2020 – Can We Have a Do Over Please?

2020 has definitely been a year that I, and I assume most of us, would like “a do over” if it was ever possible. We have witnessed so many terrible, tragic events such as the bush fires that ripped through the East Coast of Australia leveling thousands of homes, and sadly killing many Australians either trying to flee or fight the fires plus the unfortunate loss of up to a million native animals, COVID 19 tore through towns, cities and countries across the globe creating death and division amongst people, only to be followed by protests with many becoming violent pitching neighbor against neighbor. Death visited many families and took away loved ones way to soon, much like my Mum passing away, alone in a nursing home and her husband unable to be beside her due to COVID 19, only then to realise our family would not be able to attend her funeral due to state border closures and quarantine measures was gut wrenching.

Thankfully photographers and film makers from all walks of life documented many of these tragic, terrible and some times violent events and hopefully these millions of images and hours of video will serve an important visual record for future generations to look back and learn from our mistakes so they are not repeated well into the future.

The review of 2020 will be a little different this year. Its not just going to concentrate on the Top 20 photos of 2020 but rather a reflection of what I photographed in 2020 and the year started off with a bang. The first collection of photos was captured during the Australia Day protest march, also known as Invasion day by Indigenous Australians. I often find the best way to capture that shot is to be in amongst the protesters where the emotion is at its most raw and that is how I captured the below photo of an Indigenous Elder who has nothing but sadness in his eyes.

Early February, I learned Flickr had been acquired by SmugMug and the CEO had written a letter about how they were losing money. After some research and rejoining Flickr and not wanting Flickr to suffer the same fate as Google Plus, I stuck my hand in my pocket and become a Flickr Pro member. For an Australian this is not a cheap exercise as the exchange rate fluctuates and Flickr only offers Pro Flickr accounts in approx. three currencies, and the Australian dollar is not one of them.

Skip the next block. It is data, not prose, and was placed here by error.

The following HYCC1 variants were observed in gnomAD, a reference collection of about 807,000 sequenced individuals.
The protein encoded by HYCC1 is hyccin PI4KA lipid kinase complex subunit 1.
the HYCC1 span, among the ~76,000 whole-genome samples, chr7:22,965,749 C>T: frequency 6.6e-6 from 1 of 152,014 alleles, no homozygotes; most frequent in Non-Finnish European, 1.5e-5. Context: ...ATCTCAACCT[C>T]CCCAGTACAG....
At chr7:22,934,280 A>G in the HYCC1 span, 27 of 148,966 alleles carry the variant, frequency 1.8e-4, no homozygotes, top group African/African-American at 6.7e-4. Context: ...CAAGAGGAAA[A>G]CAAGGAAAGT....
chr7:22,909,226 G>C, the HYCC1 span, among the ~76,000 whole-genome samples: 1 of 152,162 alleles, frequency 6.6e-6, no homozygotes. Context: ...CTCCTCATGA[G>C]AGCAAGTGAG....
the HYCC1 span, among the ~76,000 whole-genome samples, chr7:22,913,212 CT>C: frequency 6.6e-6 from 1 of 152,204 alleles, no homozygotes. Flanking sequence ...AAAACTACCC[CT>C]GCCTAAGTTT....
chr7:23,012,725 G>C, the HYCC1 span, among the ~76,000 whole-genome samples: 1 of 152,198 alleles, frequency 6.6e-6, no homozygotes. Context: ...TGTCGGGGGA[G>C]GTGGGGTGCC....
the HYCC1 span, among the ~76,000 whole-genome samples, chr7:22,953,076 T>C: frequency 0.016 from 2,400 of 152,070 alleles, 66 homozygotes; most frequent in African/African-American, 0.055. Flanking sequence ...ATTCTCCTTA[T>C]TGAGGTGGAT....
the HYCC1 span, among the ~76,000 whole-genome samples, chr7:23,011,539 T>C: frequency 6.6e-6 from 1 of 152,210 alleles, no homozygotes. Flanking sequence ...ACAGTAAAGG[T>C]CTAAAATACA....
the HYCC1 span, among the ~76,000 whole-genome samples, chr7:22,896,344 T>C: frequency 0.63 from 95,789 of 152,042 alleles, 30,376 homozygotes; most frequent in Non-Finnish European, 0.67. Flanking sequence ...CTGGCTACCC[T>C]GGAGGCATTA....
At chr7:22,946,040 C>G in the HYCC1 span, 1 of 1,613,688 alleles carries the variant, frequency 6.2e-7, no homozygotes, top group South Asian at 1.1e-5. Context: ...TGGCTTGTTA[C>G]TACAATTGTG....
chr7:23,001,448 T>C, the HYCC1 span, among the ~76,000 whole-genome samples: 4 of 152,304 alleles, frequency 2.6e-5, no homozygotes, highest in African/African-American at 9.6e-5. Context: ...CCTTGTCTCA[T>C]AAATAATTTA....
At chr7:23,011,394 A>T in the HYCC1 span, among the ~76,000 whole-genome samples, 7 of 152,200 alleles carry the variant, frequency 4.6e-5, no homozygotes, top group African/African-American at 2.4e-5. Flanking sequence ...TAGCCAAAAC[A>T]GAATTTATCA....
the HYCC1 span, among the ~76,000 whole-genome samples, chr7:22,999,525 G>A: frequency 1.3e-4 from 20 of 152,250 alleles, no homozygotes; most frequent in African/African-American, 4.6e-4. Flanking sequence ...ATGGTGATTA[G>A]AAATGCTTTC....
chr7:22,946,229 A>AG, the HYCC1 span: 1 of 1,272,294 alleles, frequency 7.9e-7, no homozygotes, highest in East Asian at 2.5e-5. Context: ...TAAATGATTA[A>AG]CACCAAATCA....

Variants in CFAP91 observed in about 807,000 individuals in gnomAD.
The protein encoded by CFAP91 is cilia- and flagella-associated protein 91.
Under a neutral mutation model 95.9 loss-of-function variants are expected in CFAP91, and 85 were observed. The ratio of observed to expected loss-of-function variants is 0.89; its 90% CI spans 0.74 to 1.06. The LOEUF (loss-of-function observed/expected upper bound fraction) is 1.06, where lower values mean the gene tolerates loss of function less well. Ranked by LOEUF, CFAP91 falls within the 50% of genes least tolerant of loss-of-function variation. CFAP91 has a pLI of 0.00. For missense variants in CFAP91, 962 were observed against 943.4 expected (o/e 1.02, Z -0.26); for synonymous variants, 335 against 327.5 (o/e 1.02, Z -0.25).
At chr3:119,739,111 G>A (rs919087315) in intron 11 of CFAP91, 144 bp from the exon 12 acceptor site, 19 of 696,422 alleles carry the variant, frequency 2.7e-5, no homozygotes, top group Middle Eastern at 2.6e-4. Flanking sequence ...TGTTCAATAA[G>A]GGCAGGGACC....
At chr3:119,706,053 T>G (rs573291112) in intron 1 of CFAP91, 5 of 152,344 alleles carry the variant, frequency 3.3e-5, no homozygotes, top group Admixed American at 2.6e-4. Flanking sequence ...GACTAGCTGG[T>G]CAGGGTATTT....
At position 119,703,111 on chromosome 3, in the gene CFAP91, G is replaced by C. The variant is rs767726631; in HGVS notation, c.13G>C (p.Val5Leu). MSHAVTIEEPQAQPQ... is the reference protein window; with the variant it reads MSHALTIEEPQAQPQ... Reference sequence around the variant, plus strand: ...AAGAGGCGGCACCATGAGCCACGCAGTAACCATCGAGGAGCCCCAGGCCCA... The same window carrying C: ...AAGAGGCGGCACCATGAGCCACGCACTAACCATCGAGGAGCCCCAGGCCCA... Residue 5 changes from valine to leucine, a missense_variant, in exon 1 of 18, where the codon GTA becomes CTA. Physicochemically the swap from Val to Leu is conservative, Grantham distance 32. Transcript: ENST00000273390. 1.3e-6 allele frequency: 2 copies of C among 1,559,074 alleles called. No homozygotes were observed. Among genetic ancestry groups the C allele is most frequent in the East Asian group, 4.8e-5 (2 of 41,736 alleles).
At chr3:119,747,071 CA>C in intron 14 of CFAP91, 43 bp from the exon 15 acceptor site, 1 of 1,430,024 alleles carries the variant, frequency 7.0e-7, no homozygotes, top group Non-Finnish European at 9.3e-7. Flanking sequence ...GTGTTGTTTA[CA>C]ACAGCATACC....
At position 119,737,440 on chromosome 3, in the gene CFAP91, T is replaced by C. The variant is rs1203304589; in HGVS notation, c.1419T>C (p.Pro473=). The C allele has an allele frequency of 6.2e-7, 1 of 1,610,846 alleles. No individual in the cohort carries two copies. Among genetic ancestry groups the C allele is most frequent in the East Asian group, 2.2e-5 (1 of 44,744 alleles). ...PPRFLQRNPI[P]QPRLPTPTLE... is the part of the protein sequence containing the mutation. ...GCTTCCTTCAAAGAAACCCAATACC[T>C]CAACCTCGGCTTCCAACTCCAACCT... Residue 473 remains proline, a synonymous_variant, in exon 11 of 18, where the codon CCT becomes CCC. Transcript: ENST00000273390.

The Black Lives Matter movement in the US grew rapidly and unfortunately spiraled out of control with people losing their lives. Here in Perth, Australia the protest organisers refused to heed the state government’s warning not to hold the protest due to likely COVID breaches but the organisers went ahead with the protest whilst managing COVID safe practices, it was pretty much a peaceful protest with the majority wearing masks and observing social distancing. The protest also provided many photographers who had been stuck inside for quite some time an opportunity to get out and photograph the people and the event.

After a long period of lock down my wife and I had an opportunity to escape to the Australian outback and go camping, the best way to isolate is be in the middle of nowhere with no one else around. Apart from nearly running out of fuel…..twice during the trip we managed to four wheel drive our way to the most Western point of Australia, Steep Point. It took over 3 hours but it was well worth it. Also managed to sneak in a visit to Natures Window in Kalbarri National Park.

Visited the Busselton area where I spotted several young men jumping off the Southern Hemispheres longest jetty into the cold Indian ocean, asked if they minded if I took a few shots and lo and behold, one of them pulled out a kids scooter and lept of the jetty.

Early November, myself and a small group of mates attempted and conquered a remote four wheel drive track. It was an epic adventure with all but one of the vehicles sustaining some sort of damage but as it turned out it was a much needed getaway for our mental health.

And lastly I visited mates who are veterans struggling through 2020 and we walked through the bush and talked about the old times, mates who are no longer with us and how we hope 2021 will be better, for all of us.

If you have made it this far, from the bottom of my heart, Thank you

Here’s to a better 2021, until next time…….

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